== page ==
Top tips for moving to Germany
Top Five Financial Considerations When Moving to Germany
Are you considering moving to Germany? If so, congratulations! By this time next year you will be donning your Lederhosen, drinking a yard of beer at the Oktoberfest and will have sussed out that the infamous beer festival is not so aptly named, with the majority of the event taking place in September! Adjusting to life in any new country can take some getting used to and Germany is no exception. For example, Germans like to adhere to the rules and some of those rules can be a little crazy. So remember, keep the noise down between noon and 3pm – everyday! This is German quiet time so drilling, hammering or playing music will not be tolerated. Don’t wash your car on a Sunday, never ever run out of petrol and don’t tune your piano at midnight!
Abide by the rules at all times, aside from that, do what you like!
When upping sticks and moving across the globe there are always financial aspects to consider. In this article we have given our top five financial tips for people moving to Germany!
Finding Somewhere To Live
Unlike the UK, most people in Germany tend to rent their homes and with good reason. There is an abundance of high quality accommodation and rent for a 3 bedroomed detached house starts at about 1000 euros. Tenants in Germany are well protected by the law and landlords are unable to impose large rent increases. It is not unusual for tenancy agreements to extend to a five year period or sometimes even more. Of course, just like the UK, homes located in the city do come with a larger price tag. If you are looking to buy a property, you will find prices are slightly lower than the UK. The most expensive area to reside is Bavaria, especially in Munich. Whether you are a tenant or homeowner, you will need to clearly display your surname on your postbox- otherwise your letters will not be delivered.
If you are intending to stay and work in Germany for six months or more, you will be liable to pay tax in Germany. It is a legal requirement to declare your entire income to the German authorities, even if the income is originating from another country. Just as in the UK, German employees will pay tax monthly via a PAYE system. However if you are self employed you will need to pay on a quarterly basis. Remember that Germany has some of the highest tax rates, up to 44.3% on individual incomes.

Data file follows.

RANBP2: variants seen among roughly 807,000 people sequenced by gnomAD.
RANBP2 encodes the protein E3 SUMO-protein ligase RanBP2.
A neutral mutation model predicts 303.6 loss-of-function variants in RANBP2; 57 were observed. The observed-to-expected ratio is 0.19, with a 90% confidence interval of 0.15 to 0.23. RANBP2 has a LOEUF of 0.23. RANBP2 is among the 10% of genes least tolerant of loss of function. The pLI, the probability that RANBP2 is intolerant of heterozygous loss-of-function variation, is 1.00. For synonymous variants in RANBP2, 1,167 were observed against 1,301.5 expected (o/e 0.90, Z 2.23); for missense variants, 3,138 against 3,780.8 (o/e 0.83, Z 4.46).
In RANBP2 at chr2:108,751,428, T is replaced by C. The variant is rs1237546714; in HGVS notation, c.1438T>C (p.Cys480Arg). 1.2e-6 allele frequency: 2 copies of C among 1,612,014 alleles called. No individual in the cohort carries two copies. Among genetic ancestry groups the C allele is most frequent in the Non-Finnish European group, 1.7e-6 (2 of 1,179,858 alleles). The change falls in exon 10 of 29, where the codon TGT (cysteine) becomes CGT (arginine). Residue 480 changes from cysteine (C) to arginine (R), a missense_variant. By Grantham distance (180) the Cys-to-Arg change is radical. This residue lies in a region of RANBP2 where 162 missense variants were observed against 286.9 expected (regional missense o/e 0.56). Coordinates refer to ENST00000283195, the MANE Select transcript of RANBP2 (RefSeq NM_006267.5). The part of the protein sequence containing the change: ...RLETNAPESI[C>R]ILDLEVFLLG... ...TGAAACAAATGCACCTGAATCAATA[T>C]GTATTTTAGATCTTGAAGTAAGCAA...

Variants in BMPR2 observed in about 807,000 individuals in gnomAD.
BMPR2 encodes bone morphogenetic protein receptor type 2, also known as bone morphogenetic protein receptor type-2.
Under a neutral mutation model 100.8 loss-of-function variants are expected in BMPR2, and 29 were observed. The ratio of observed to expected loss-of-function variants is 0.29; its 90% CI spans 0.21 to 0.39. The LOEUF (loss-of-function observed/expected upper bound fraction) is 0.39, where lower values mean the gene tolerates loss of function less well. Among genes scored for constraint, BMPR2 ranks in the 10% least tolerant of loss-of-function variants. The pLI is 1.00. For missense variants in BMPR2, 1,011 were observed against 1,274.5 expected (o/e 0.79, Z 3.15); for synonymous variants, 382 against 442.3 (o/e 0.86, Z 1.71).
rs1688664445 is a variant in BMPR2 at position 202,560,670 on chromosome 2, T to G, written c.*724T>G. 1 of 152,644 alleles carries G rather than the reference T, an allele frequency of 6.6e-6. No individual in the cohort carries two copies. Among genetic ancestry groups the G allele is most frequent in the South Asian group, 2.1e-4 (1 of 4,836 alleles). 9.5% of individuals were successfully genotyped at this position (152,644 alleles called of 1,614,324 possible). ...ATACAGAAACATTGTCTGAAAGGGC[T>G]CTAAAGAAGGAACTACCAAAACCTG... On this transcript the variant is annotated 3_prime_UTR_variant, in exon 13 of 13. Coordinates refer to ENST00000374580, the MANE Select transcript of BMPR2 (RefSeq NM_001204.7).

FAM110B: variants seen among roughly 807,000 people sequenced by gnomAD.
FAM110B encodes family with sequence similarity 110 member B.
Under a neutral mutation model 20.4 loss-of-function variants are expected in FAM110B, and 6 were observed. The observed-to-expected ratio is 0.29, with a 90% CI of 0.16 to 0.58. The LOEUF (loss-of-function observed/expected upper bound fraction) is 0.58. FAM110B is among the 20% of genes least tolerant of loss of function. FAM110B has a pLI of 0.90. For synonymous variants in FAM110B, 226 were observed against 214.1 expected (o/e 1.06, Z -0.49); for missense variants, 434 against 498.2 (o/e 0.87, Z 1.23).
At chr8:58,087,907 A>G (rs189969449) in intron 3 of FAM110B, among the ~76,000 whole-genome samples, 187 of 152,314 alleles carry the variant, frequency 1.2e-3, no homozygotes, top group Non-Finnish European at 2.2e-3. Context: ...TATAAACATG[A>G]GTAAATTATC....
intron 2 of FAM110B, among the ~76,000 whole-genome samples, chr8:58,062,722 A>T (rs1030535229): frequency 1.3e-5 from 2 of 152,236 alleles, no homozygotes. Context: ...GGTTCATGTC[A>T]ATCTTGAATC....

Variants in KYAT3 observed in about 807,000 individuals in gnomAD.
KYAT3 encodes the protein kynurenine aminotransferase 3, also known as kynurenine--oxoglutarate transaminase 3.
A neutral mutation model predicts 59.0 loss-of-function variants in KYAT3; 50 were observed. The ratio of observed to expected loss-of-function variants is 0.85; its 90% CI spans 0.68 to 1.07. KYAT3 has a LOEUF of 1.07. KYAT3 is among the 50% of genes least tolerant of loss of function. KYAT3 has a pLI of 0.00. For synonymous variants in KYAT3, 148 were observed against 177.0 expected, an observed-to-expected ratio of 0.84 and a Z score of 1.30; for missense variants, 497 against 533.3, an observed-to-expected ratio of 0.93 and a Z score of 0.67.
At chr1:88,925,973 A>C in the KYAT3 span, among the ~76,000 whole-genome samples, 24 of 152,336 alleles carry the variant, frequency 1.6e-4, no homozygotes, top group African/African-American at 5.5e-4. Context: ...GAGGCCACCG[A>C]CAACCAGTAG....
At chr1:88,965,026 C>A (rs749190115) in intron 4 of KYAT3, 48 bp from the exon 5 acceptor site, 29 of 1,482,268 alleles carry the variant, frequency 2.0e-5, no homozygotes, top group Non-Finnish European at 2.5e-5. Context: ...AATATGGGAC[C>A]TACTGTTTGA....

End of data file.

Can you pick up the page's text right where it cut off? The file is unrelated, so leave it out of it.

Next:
If you are relocating as a family, then you may need to consider schooling options. Education in Germany is of a high standard and public schools do not charge. However many expats tend to send their children to the International Schools which cost upwards of £10,000 per year.
Banking and Paying
Whilst you will need to open a bank account in Germany, you may be surprised to find that the Germans still have a particular fondness for paying in cash. In fact the German word for debt, is also the German word for guilt, schuld. They have a very clear view about living beyond means and whilst mortgages are encouraged, many people actually own their own home outright. Opening a bank account is fairly straight-forward, but as with UK banks, fees can differ so make sure you shop around for the best deal.
Depending on your income you will need to take out either compulsory or private health insurance. Private health insurance is typically for those with a gross salary over 47, 350 euros. Whilst a compulsory health insurance will cover all your medical treatment, a stay in hospital will cost 10 euros a day, capped at a maximum of 28 days. Some treatments may require an upfront payment which can later be claimed back on the insurance. Partners and children that are not working will be included on your policy.